The proposed amendments to this bill are essentially technical amendments that are necessary to ensure that the legislation operates effectively and that the obligations it imposes are clearly understood. The contempt provisions of the act are intended to protect the integrity of the commission and to support commission proceedings and orders. If you genuinely believe in the Industrial Relations Commission—as those opposite claim—one would imagine that they would therefore support provisions that ensure that people cannot act in contempt of its orders. The Workplace Relations Act already prohibits contempt of the commission, but it does so through a deemed contempt offence that imports the uncertainties and complexities of common law contempt. All we are seeking to do, as the bill says, is to clarify that. The average person does not necessarily understand what conduct amounts to contempt. The bill takes this broad and potentially confusing offence and converts it into a number of offences that clearly spell out what conduct breaches the law. It makes the law clear; it makes the law accessible.

The bill has four main components. Firstly, the bill sets out specific offences that are a contempt of the commission. These offences are already substantially covered by the current catch-all offence. Secondly, it draws attention to existing offences under the Crimes Act and the Criminal Code that apply to the commission. Thirdly, it provides for a new specific offence of giving false evidence to the commission. Fourthly, it updates the penalties to more accurately reflect the seriousness of conduct that would undermine the integrity of the commission, which is what those opposite are opposing.

The opposition has focused its criticisms on proposed new section 299(3), which provides for an offence to prohibit the contravention of an order of the commission. This is disobedience contempt at common law. Unlike the existing provision, the new offence is very clear about what sort of conduct can result in a court imposing criminal sanctions on a person. There is a penalty of imprisonment, which has been referred to by Senator Collins. But contrary to what she suggested, this bill does not use prison as a primary remedy against industrial action. That is an absolute misrepresentation of the amendments. No-one will be penalised for taking protected, legitimate industrial action which is allowed under the Workplace Relations Act.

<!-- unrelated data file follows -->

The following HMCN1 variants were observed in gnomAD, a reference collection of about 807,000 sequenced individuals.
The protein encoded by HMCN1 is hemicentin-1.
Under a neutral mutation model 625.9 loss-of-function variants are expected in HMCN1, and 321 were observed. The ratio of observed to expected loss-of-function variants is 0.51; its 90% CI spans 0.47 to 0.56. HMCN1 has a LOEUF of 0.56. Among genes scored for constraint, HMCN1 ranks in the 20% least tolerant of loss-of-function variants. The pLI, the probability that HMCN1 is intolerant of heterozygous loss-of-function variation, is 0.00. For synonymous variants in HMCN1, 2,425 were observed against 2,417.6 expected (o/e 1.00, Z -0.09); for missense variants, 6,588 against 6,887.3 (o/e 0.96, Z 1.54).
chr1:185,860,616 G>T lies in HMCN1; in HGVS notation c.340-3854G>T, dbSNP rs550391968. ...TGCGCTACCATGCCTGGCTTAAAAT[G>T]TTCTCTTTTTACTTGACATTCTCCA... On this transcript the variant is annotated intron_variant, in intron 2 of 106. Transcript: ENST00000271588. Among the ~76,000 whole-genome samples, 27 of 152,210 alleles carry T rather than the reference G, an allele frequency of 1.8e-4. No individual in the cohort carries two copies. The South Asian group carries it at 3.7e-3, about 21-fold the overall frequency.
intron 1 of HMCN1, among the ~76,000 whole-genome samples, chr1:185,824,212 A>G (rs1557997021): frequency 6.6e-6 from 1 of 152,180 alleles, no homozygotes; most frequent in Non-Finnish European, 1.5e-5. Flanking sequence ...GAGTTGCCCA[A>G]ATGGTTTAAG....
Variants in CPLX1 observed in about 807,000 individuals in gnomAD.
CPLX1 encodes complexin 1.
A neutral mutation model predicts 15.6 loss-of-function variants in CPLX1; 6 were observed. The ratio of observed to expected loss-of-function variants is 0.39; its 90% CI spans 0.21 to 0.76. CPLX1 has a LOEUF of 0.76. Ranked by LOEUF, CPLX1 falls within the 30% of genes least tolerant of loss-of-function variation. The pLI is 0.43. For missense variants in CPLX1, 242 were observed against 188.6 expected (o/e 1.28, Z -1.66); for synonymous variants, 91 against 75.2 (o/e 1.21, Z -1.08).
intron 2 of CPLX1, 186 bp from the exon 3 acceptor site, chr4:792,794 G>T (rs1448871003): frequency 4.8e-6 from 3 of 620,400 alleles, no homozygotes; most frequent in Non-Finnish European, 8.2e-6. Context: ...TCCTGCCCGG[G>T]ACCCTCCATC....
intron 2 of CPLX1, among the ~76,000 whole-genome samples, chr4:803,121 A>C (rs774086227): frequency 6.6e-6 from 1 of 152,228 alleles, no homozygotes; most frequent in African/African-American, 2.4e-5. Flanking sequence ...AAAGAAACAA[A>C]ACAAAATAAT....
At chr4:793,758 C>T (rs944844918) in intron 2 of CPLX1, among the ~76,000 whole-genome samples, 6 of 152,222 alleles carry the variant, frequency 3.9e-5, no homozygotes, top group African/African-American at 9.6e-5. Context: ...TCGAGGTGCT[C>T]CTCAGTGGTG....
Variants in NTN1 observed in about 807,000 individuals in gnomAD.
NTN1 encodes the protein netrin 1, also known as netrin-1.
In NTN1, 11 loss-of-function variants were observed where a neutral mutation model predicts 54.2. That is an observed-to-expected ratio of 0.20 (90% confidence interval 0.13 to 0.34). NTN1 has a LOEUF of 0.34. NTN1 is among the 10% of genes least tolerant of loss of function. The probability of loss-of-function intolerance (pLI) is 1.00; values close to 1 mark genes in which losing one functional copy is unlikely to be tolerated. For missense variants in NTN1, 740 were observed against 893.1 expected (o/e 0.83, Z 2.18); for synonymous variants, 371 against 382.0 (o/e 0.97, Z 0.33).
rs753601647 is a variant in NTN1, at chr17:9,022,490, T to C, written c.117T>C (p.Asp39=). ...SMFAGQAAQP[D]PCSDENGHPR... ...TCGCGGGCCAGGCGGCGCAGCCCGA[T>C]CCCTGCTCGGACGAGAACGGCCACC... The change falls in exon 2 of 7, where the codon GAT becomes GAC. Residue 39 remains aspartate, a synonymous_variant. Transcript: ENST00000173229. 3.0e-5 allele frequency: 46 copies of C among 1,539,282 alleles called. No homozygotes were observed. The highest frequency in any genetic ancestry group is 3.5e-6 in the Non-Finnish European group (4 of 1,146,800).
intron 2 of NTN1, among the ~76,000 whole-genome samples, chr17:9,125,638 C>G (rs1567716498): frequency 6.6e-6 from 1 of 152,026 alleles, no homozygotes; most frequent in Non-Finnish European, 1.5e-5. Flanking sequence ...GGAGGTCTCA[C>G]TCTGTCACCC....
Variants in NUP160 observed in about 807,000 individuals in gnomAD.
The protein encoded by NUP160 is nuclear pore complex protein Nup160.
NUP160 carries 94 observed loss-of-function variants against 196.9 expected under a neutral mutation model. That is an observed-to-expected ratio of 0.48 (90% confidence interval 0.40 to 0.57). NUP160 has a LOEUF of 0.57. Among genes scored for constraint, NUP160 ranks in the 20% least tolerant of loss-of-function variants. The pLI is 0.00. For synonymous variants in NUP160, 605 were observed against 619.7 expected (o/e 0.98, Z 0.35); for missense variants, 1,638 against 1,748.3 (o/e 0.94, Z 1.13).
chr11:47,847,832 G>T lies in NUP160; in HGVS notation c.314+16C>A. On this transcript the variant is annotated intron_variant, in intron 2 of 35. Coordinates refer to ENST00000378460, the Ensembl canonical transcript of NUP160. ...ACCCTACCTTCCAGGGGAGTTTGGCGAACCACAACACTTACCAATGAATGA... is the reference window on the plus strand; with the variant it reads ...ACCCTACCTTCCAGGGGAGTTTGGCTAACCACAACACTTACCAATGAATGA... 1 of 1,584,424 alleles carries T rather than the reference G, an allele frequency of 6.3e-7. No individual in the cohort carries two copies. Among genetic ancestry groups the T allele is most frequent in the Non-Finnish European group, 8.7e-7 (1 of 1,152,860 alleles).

Before a person is exposed to a penalty under this bill, in connection with taking industrial action, the person would need to have (a) taken the unprotected industrial action and (b) be the subject of an order by the commission that the industrial action cease or not occur and (c) have intentionally failed to comply with that order or been reckless as to whether they complied with the order. One wonders why the Australian Labor Party is so trenchant in its opposition of such a provision. There are three aspects that need to be satisfied. If all three are satisfied then it seems reasonable that in those circumstances a substantial penalty ought be applied.

The current act already includes a sentencing option of six months imprisonment for breaching section 299(1)(e), which could apply where a person breaches orders of the commission, but the current provision is not clear that this sort of conduct could result in such a sanction being applied. This bill makes it clear. It is appropriate that there are effective sanctions that can be imposed where a person who is bound by an order intentionally breaches that order. Courts are protected by criminal sanctions for contempt, as are other Commonwealth tribunals, and the government's policy is that the commission warrants the same degree of protection. It is obvious that the Australian Labor Party does not believe that the commission warrants that degree of protection. We happen to disagree; we believe that the commission is worthy of that protection.